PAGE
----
METSOLA ASKED TO INTERVENE: Parliament President Roberta Metsola could today be tasked with speaking out against Germany’s last-minute intervention to save the internal combustion engine. Renew Europe group chief Stéphane Séjourné will put forward a vote among political leaders asking Metsola to write to the Council on behalf of her institution, urging it to unblock the file and honor its agreement with the Parliament.
EU credibility at risk: “This is a question of principle,” Séjourné told Playbook. “The European Parliament needs to flex its muscles. The Council has created this mess, it needs to fix it. This is a question of credibility for the EU.”
Traffic light coalition: Ironically, Séjourné expects the motion to pass today in Parliament’s Conference of Presidents, with the votes of Renew, the Greens and the S&D — much like the coalition which in Germany has agreed to push for loopholes that are now derailing the combustion engine ban.
BRETON TOLD YOU SO: Who saw the combustion engine fight coming last year? One Thierry Breton, who in an interview with Playbook in November warned about the implications for jobs and EU industry. Asked Wednesday whether he was a better defender of Berlin’s car industry than German Commission chief Ursula von der Leyen, Breton insisted he wasn’t weighing in on behalf of any national interest or industry. “I insisted that we should wait before pre-empting the decisions, because it is a very complicated subject and the Council still had to vote,” Breton told Playbook.
Early warning: What was true, Breton said, was that he warned early on about the “industrial implications” of the law. “Some wondered whether I was an unguided missile. Maybe I was not a loose cannon but was right with my warnings before others saw it coming. But that’s my job — to anticipate.” In other words: Told you so.
TOXIC GERMANITY: The resuscitation of Das Auto reveals a deeper problem: Berlin has become an obstructor in Brussels, rather than a constructive force. “The alchemy between Council, Parliament and Commission produces bona fide results that legitimize and sustain the EU,” writes my colleague Matt Karnitschnig in this must-read piece. “That Germany is willing to tinker with this delicate balance, betrays either ignorance in the current regime of how the EU works, ambivalence, or both.”
Where are the Greens? The Green party’s leaders Robert Habeck and Annalena Baerbock, who championed the combustion engine ban and are the most pro-European forces in the government, have been largely silent on the issue, Matt notes.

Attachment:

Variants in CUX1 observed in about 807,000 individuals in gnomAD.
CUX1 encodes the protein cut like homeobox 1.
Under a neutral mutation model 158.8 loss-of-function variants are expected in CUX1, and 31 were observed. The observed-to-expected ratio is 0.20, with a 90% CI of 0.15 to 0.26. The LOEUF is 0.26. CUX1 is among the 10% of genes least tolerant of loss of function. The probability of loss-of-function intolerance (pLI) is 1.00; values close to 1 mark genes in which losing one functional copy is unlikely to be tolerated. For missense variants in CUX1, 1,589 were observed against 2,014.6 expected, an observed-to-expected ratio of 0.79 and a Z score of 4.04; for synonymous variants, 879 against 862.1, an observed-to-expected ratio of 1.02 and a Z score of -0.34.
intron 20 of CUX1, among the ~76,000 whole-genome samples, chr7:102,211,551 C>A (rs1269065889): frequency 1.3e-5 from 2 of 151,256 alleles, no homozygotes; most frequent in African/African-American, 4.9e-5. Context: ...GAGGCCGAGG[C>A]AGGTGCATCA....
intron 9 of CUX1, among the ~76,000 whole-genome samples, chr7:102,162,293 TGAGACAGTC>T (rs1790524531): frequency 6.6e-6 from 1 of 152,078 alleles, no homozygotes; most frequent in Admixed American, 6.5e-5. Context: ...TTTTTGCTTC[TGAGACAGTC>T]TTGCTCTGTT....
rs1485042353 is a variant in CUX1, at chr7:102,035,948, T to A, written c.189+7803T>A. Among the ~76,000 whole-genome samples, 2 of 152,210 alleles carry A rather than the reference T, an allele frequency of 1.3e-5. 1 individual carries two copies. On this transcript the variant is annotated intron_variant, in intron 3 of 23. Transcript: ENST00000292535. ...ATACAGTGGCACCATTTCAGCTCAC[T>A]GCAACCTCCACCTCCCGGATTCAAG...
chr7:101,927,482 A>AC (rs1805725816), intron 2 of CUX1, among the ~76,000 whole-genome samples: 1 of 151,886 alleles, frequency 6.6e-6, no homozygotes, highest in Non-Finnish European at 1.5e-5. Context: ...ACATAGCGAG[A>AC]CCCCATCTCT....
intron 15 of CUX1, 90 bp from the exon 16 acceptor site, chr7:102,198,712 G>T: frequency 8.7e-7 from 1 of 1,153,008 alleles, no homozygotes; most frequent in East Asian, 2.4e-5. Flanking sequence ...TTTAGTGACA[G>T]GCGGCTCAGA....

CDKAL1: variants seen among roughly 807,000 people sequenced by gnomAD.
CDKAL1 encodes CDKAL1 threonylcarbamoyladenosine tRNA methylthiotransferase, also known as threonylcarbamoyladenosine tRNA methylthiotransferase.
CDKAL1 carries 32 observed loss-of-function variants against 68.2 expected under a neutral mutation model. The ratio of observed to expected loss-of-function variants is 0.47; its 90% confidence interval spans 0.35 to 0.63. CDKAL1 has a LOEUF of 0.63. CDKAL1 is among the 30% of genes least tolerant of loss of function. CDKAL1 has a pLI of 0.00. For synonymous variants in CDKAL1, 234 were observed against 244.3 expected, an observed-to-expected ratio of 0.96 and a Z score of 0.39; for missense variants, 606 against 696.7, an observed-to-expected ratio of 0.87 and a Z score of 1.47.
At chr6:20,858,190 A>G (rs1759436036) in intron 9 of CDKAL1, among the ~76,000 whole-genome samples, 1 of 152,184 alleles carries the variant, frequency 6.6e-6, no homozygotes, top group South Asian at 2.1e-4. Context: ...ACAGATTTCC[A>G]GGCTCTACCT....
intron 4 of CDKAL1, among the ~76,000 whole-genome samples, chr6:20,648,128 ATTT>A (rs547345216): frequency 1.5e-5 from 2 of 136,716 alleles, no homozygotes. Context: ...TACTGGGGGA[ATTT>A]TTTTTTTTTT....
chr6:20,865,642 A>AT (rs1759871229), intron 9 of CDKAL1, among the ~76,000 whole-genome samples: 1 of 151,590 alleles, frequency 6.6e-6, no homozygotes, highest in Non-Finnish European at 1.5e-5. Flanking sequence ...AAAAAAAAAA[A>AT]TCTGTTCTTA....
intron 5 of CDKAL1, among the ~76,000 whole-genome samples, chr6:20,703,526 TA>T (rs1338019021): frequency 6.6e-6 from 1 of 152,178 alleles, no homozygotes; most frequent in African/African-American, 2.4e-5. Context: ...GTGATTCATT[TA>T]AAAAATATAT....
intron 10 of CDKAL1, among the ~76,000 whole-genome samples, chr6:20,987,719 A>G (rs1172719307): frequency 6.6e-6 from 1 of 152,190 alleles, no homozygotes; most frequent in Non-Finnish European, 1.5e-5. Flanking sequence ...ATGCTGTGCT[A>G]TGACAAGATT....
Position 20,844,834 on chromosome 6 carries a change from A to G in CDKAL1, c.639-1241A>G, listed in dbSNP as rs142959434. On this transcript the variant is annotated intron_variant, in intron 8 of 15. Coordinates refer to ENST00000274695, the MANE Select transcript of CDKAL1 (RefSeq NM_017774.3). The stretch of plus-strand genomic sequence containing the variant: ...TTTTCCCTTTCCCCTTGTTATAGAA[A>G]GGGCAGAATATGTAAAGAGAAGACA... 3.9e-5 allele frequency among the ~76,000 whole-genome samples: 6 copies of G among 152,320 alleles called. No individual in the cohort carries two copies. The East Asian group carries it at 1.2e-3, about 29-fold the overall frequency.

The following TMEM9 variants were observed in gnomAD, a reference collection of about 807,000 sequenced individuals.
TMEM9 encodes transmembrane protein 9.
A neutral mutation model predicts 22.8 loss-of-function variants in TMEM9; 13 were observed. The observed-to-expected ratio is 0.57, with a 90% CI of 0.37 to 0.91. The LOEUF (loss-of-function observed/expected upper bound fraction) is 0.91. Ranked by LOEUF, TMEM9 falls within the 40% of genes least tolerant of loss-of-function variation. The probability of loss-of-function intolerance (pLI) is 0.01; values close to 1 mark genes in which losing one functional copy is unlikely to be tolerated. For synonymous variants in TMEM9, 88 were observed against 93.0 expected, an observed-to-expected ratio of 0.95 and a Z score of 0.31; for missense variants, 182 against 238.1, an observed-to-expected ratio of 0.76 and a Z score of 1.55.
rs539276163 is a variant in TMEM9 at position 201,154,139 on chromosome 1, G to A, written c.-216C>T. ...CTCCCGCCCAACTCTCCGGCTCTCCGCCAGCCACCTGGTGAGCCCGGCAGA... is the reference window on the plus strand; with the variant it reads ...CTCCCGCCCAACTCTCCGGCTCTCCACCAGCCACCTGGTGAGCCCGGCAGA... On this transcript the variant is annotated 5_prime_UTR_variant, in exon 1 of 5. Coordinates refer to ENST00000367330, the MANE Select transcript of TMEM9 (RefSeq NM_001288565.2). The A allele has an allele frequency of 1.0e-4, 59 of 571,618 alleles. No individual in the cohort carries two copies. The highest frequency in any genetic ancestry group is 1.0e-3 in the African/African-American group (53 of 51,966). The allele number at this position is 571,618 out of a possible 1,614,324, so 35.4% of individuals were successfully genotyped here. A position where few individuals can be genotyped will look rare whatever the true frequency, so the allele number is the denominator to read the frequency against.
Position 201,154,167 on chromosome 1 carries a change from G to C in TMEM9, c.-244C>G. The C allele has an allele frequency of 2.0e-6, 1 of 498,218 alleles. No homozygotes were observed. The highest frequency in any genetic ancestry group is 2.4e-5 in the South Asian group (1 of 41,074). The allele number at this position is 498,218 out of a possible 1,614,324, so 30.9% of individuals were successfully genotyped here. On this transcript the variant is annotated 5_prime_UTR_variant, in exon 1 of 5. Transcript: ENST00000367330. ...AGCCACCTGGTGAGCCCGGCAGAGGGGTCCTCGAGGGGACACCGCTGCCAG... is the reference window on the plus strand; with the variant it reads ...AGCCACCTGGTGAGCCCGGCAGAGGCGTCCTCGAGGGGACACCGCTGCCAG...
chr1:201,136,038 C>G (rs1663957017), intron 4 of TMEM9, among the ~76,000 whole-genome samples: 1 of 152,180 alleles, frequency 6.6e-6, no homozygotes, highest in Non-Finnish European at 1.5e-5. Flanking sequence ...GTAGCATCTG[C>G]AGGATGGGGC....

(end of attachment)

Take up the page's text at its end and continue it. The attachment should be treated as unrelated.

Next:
PANZERI KICKED OUT OF EX-MEPs CLUB: Pier Antonio Panzeri, the Italian ex-MEP at the center of a Qatar and Morocco corruption scandal in the European Parliament, will likely be dumped out of the Former Members Association, an official grouping of around 750 former parliamentarians, Eddy Wax writes in to report.
Ciao! The FMA will vote on booting Panzeri at its next general assembly on May 4, after the management committee decided to expel him. The FMA confirmed this would be the first and only time it has excluded an MEP.
Last supper: Panzeri was also member of the FMA’s management committee, but the organization stripped him of that role three days after the scandal broke last December. He was jointly in charge of organizing dinner debates.
**On March 21, Luca de Meo, CEO of Renault and chairman of ACEA will join our senior policy reporter Josh Posaner for an exclusive one-to-one interview. The interview takes place during POLITICO Live’s event "Made-in-Europe: How to keep up the fight in the electric car race?". Interested in receiving the recording of the interview? Sign up today!**
IN OTHER NEWS
D-DAY FOR MACRON: French President Emmanuel Macron will face a moment of reckoning today as lawmakers gear up for a final vote on his government’s deeply unpopular pension reform, which has sparked weeks of nationwide protests. Clea Caulcutt and Elisa Bertholomey explain what’s at stake and how it could all play out.
AGRI REVOLUTION IN DUTCH ELECTION: The farmer-friendly BoerBurgerBeweging (BBB) seemed to have landed a massive victory in the Dutch provincial election as exit polls were released late Wednesday night. The newcomer party could become the joint-largest bloc in the national senate, the make-up of which is dictated by the provinces.